By Jeffrey Hawkins
It wasn’t a long story and one that might just fly under the radar, but it raised some important questions about local, city, state or federal requirements for private businesses. Should government entities be able to require businesses—via a law or ordinance—to have some type of security measure in place?
The Maryland mandate was met with some resistance by business owners, but police and county officials noted that convenience stores and gas stations in their county accounted for 27% of all armed robberies in one month alone.
In response, the county now requires things like recorded CCTV with cameras mounted in specified locations, safes that are bolt mounted, and walk-up pay windows.
But this is not the first of these types of security requirements:
- In 1993, Cedar Rapids, Iowa City Council enacted an ordinance requiring recorded CCTV and giving the responsibility to inspect businesses to the police, however the ordinance was never enforced and most agree it has been ineffective.
- In 2011, Newark, New Jersey City Council approved legislation requiring late night restaurants to have armed security guards.
- In 2012, Byron, Georgia considered similar laws requiring CCTV cameras for establishments that sell alcohol.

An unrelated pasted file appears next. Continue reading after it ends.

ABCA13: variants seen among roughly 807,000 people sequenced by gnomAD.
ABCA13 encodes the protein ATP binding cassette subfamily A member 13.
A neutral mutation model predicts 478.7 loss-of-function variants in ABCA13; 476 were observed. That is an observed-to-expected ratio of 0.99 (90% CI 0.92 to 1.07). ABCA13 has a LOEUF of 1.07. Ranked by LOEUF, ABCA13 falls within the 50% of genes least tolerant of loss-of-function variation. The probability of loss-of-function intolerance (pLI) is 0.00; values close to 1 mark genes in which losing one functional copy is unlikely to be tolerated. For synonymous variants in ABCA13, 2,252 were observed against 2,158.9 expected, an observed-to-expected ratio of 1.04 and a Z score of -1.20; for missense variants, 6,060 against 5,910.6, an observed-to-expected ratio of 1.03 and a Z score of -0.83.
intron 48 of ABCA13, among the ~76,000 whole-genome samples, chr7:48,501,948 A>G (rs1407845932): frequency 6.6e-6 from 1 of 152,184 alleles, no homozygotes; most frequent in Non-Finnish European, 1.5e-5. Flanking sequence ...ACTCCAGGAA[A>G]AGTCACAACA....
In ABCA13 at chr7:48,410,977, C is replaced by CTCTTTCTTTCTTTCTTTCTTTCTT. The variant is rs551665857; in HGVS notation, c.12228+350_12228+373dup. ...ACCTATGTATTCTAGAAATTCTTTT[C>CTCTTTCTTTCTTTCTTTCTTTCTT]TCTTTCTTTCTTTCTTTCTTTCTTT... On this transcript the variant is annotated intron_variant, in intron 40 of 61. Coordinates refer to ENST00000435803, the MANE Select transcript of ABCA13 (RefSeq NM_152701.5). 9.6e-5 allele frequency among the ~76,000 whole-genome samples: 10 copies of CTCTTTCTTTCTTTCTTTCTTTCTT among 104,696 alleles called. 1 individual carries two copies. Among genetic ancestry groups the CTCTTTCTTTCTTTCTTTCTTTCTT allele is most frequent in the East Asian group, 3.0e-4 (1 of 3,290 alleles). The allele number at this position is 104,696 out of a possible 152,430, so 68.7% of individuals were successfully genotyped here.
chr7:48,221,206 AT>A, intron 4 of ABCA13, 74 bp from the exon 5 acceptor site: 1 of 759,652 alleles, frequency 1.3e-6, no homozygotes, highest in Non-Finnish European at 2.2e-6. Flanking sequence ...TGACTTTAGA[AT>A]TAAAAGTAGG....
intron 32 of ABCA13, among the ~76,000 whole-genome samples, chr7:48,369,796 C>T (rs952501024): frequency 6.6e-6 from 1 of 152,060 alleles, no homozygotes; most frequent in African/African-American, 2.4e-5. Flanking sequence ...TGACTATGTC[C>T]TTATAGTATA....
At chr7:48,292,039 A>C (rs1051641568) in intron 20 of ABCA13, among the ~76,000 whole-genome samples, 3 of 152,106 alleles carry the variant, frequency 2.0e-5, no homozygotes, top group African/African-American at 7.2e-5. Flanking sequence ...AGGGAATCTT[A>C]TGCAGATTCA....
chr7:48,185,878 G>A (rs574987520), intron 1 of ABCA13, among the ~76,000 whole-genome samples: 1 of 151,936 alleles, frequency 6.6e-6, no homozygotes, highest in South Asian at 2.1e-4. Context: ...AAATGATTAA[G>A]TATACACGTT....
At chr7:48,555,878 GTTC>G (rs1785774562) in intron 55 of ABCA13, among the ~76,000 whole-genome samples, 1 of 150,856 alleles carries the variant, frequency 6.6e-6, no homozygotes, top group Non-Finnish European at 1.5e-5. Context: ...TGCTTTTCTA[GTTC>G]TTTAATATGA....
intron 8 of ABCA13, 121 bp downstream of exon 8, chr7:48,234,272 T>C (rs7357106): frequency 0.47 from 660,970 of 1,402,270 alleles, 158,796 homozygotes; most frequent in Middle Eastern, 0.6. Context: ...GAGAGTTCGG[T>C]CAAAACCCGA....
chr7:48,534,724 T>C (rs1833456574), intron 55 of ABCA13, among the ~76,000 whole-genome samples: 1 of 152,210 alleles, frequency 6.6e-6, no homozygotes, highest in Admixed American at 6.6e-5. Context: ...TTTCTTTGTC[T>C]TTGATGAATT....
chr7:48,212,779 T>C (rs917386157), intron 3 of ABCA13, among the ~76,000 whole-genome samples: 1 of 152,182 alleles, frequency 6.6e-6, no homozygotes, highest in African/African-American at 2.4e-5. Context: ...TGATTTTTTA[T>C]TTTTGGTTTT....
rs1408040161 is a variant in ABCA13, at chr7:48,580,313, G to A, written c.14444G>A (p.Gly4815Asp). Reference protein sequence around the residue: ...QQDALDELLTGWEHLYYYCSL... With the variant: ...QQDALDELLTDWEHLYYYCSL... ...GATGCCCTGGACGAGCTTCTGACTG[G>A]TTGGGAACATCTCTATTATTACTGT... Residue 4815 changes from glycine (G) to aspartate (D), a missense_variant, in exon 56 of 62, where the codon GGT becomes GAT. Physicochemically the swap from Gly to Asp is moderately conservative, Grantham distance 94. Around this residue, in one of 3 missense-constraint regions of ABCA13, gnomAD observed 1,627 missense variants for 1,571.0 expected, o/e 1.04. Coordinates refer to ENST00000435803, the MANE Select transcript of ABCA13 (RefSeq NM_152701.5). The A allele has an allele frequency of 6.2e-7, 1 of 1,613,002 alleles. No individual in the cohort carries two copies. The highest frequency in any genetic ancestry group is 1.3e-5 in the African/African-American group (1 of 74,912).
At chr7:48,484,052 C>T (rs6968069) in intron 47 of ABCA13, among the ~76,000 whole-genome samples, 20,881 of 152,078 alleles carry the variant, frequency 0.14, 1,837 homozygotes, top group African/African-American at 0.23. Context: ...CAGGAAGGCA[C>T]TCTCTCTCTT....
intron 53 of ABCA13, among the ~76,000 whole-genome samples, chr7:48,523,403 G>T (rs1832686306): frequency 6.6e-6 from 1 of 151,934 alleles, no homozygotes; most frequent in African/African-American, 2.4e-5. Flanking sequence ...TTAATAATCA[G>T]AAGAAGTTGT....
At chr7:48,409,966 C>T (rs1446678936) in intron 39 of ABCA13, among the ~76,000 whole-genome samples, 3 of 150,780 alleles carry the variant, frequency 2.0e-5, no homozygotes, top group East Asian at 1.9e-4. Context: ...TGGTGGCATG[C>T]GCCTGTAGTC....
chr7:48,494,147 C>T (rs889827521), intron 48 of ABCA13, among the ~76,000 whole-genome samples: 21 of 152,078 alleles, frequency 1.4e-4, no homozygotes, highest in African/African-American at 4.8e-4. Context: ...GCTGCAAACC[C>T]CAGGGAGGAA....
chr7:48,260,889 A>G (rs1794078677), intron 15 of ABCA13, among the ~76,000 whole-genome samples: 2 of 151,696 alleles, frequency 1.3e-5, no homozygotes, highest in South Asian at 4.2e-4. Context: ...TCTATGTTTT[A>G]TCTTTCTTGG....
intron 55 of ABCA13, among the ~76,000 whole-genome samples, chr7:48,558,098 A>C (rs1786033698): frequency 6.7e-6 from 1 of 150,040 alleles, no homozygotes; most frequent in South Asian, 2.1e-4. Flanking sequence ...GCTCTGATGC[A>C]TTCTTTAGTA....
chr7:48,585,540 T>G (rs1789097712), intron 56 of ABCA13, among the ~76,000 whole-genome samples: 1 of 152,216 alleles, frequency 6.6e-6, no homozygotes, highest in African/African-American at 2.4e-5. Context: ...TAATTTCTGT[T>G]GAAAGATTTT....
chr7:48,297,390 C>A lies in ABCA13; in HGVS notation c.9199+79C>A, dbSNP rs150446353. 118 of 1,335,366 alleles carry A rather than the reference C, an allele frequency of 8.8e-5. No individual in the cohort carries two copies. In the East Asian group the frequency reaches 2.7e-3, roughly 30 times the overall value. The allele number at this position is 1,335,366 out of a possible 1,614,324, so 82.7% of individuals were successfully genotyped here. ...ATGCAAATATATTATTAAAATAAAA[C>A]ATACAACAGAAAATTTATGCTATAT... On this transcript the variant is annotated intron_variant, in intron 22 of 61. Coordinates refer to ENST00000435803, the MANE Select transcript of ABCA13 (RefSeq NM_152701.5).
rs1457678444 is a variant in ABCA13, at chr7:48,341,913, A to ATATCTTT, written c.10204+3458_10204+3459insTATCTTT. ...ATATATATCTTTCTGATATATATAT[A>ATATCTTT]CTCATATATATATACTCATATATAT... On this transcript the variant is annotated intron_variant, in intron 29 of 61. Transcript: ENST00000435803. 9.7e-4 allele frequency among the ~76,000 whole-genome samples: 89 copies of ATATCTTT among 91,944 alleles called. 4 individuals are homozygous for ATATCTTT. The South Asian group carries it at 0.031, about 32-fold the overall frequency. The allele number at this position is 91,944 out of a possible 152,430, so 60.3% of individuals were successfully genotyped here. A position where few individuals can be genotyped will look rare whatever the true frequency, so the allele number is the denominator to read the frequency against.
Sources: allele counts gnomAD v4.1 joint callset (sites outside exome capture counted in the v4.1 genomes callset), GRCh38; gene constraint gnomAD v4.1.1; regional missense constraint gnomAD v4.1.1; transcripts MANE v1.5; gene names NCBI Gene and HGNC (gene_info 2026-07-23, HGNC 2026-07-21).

- And this year, 2013, Charleston, South Carolina City Council debated to enact a new ordinance that would require bars operating after midnight to hire private security officers to not only patrol inside but also all sidewalks and parking lots in the area.
When I went to train in Israel several years ago, we were able to meet with one of the heads of the police in Tel Aviv.
Among the topics he covered was the fact that all businesses, as part of the business license application, is told what security measures they must have in place, including armed security guards.
He went on to say that they have a list of which businesses are required to have what security measures, and if they drive by or go into the business and find they are in violation, they can shut the business down.
That is tough, but their world is a bit different than ours.
So I guess the question all this raises is: Should government require security for private businesses and if so, how far should it go? Will we see a day in the United States when, like Israel, all businesses will be required to have security or face being shut down?